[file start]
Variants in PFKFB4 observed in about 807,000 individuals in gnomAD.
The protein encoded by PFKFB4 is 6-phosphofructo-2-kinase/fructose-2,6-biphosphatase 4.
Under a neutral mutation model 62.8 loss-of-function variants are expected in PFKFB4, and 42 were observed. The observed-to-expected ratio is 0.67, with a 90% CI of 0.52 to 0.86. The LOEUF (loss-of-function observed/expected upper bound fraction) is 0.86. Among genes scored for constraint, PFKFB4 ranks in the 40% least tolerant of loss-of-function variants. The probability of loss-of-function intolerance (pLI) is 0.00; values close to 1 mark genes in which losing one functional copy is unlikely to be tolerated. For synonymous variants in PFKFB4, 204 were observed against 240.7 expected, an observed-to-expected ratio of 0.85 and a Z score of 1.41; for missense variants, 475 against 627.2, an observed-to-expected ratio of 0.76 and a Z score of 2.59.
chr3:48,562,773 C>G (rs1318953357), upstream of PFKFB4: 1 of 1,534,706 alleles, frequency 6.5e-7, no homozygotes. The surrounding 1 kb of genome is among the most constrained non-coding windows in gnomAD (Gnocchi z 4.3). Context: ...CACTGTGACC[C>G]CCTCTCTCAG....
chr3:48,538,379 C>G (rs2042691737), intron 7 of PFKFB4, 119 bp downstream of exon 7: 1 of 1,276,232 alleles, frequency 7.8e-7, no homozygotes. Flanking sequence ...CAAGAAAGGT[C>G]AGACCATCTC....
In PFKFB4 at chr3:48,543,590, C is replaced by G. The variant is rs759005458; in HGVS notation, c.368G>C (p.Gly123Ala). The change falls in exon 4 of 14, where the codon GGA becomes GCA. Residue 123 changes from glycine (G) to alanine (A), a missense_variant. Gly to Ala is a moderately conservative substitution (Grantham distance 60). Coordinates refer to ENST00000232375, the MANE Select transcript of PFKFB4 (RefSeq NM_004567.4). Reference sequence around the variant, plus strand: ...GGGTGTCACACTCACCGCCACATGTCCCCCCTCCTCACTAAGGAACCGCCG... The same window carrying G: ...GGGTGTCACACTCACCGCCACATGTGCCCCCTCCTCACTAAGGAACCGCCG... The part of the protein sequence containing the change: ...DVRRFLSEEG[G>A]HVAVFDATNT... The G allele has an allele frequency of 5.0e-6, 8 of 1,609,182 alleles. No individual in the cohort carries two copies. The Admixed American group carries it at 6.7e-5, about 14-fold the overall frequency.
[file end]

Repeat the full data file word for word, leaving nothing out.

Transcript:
Variants in PFKFB4 observed in about 807,000 individuals in gnomAD.
The protein encoded by PFKFB4 is 6-phosphofructo-2-kinase/fructose-2,6-biphosphatase 4.
Under a neutral mutation model 62.8 loss-of-function variants are expected in PFKFB4, and 42 were observed. The observed-to-expected ratio is 0.67, with a 90% CI of 0.52 to 0.86. The LOEUF (loss-of-function observed/expected upper bound fraction) is 0.86. Among genes scored for constraint, PFKFB4 ranks in the 40% least tolerant of loss-of-function variants. The probability of loss-of-function intolerance (pLI) is 0.00; values close to 1 mark genes in which losing one functional copy is unlikely to be tolerated. For synonymous variants in PFKFB4, 204 were observed against 240.7 expected, an observed-to-expected ratio of 0.85 and a Z score of 1.41; for missense variants, 475 against 627.2, an observed-to-expected ratio of 0.76 and a Z score of 2.59.
chr3:48,562,773 C>G (rs1318953357), upstream of PFKFB4: 1 of 1,534,706 alleles, frequency 6.5e-7, no homozygotes. The surrounding 1 kb of genome is among the most constrained non-coding windows in gnomAD (Gnocchi z 4.3). Context: ...CACTGTGACC[C>G]CCTCTCTCAG....
chr3:48,538,379 C>G (rs2042691737), intron 7 of PFKFB4, 119 bp downstream of exon 7: 1 of 1,276,232 alleles, frequency 7.8e-7, no homozygotes. Flanking sequence ...CAAGAAAGGT[C>G]AGACCATCTC....
In PFKFB4 at chr3:48,543,590, C is replaced by G. The variant is rs759005458; in HGVS notation, c.368G>C (p.Gly123Ala). The change falls in exon 4 of 14, where the codon GGA becomes GCA. Residue 123 changes from glycine (G) to alanine (A), a missense_variant. Gly to Ala is a moderately conservative substitution (Grantham distance 60). Coordinates refer to ENST00000232375, the MANE Select transcript of PFKFB4 (RefSeq NM_004567.4). Reference sequence around the variant, plus strand: ...GGGTGTCACACTCACCGCCACATGTCCCCCCTCCTCACTAAGGAACCGCCG... The same window carrying G: ...GGGTGTCACACTCACCGCCACATGTGCCCCCTCCTCACTAAGGAACCGCCG... The part of the protein sequence containing the change: ...DVRRFLSEEG[G>A]HVAVFDATNT... The G allele has an allele frequency of 5.0e-6, 8 of 1,609,182 alleles. No individual in the cohort carries two copies. The Admixed American group carries it at 6.7e-5, about 14-fold the overall frequency.